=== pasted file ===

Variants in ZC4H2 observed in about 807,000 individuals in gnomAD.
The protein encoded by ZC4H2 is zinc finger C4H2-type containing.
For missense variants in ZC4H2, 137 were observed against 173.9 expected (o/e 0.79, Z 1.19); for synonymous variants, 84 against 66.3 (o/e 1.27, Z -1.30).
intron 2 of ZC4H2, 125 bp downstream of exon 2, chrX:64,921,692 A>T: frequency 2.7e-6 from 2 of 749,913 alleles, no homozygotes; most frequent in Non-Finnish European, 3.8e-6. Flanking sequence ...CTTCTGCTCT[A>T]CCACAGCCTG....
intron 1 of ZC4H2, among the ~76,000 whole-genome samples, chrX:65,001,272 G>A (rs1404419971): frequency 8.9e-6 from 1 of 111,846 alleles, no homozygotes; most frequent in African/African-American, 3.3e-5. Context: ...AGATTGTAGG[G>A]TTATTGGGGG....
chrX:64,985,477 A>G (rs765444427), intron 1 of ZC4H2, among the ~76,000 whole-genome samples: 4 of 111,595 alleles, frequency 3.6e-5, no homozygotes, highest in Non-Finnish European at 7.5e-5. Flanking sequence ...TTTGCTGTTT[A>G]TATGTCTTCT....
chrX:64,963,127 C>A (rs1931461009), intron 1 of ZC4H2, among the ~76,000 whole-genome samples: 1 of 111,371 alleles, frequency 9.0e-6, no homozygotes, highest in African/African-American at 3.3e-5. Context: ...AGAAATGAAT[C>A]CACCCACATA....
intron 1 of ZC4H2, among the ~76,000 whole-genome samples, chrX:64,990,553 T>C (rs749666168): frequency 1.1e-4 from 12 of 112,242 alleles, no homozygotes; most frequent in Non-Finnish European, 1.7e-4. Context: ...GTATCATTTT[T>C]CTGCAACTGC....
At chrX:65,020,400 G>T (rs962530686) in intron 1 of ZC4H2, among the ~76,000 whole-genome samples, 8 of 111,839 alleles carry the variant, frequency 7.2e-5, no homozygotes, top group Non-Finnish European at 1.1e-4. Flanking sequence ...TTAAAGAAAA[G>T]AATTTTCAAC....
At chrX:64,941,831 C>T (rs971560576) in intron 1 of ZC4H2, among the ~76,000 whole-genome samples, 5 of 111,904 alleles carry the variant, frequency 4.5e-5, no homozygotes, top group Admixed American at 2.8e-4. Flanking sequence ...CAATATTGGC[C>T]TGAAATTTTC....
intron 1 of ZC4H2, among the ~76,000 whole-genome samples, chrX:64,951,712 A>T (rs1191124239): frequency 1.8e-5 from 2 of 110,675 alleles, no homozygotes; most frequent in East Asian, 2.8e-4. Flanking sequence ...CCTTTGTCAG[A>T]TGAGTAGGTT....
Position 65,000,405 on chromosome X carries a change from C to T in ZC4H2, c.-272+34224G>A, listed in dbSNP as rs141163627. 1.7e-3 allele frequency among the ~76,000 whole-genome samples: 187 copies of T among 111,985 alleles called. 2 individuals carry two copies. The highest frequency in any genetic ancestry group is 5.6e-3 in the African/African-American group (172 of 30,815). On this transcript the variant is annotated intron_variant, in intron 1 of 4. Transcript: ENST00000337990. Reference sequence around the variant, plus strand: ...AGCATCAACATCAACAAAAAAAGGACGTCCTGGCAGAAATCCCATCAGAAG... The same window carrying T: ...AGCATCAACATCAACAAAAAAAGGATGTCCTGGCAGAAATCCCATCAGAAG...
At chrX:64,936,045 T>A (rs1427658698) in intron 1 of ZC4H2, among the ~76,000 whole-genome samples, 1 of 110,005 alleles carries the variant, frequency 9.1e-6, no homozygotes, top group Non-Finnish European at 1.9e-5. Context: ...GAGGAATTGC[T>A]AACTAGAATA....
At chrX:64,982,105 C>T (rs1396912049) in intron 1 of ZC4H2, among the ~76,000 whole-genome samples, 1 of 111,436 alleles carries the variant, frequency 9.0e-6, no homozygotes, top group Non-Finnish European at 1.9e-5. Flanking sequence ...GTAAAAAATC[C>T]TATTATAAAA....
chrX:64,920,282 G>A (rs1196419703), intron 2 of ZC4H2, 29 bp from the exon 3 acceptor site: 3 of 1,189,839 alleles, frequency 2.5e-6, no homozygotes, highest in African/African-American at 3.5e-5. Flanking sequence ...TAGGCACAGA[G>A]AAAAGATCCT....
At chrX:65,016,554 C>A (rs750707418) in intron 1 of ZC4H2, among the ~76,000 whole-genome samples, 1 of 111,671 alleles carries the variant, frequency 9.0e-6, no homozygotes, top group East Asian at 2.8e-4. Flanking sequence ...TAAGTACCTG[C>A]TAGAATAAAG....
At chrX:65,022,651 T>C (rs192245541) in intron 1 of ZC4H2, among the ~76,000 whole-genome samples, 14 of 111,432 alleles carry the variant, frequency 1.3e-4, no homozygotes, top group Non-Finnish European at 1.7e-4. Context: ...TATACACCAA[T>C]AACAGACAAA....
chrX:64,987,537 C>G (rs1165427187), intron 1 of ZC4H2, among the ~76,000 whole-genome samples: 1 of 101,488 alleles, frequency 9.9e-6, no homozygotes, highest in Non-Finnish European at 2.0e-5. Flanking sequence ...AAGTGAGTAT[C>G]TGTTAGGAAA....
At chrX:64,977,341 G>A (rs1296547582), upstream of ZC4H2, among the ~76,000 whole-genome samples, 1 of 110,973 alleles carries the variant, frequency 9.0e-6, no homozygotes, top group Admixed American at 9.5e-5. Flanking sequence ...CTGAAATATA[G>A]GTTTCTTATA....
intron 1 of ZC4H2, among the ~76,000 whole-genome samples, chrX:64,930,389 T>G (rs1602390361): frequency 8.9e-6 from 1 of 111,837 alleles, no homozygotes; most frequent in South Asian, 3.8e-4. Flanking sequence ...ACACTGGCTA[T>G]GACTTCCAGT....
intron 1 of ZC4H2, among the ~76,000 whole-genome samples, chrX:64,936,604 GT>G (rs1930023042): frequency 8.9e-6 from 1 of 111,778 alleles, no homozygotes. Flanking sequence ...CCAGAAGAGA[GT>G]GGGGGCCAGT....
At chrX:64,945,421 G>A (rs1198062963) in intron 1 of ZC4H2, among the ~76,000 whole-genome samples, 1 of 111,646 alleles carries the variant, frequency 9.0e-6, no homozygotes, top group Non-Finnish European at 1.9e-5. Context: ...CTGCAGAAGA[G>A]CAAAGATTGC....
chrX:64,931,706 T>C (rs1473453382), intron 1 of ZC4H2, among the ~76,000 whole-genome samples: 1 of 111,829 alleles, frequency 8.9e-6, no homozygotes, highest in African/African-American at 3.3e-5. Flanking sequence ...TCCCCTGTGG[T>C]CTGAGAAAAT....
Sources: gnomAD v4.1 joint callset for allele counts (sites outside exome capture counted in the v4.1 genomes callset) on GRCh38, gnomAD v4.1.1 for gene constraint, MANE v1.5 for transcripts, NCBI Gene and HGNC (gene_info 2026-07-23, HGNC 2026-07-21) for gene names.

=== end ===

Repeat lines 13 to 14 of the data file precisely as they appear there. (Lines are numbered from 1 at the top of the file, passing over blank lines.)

At chrX:64,936,045 T>A (rs1427658698) in intron 1 of ZC4H2, among the ~76,000 whole-genome samples, 1 of 110,005 alleles carries the variant, frequency 9.1e-6, no homozygotes, top group Non-Finnish European at 1.9e-5. Context: ...GAGGAATTGC[T>A]AACTAGAATA....
At chrX:64,982,105 C>T (rs1396912049) in intron 1 of ZC4H2, among the ~76,000 whole-genome samples, 1 of 111,436 alleles carries the variant, frequency 9.0e-6, no homozygotes, top group Non-Finnish European at 1.9e-5. Flanking sequence ...GTAAAAAATC[C>T]TATTATAAAA....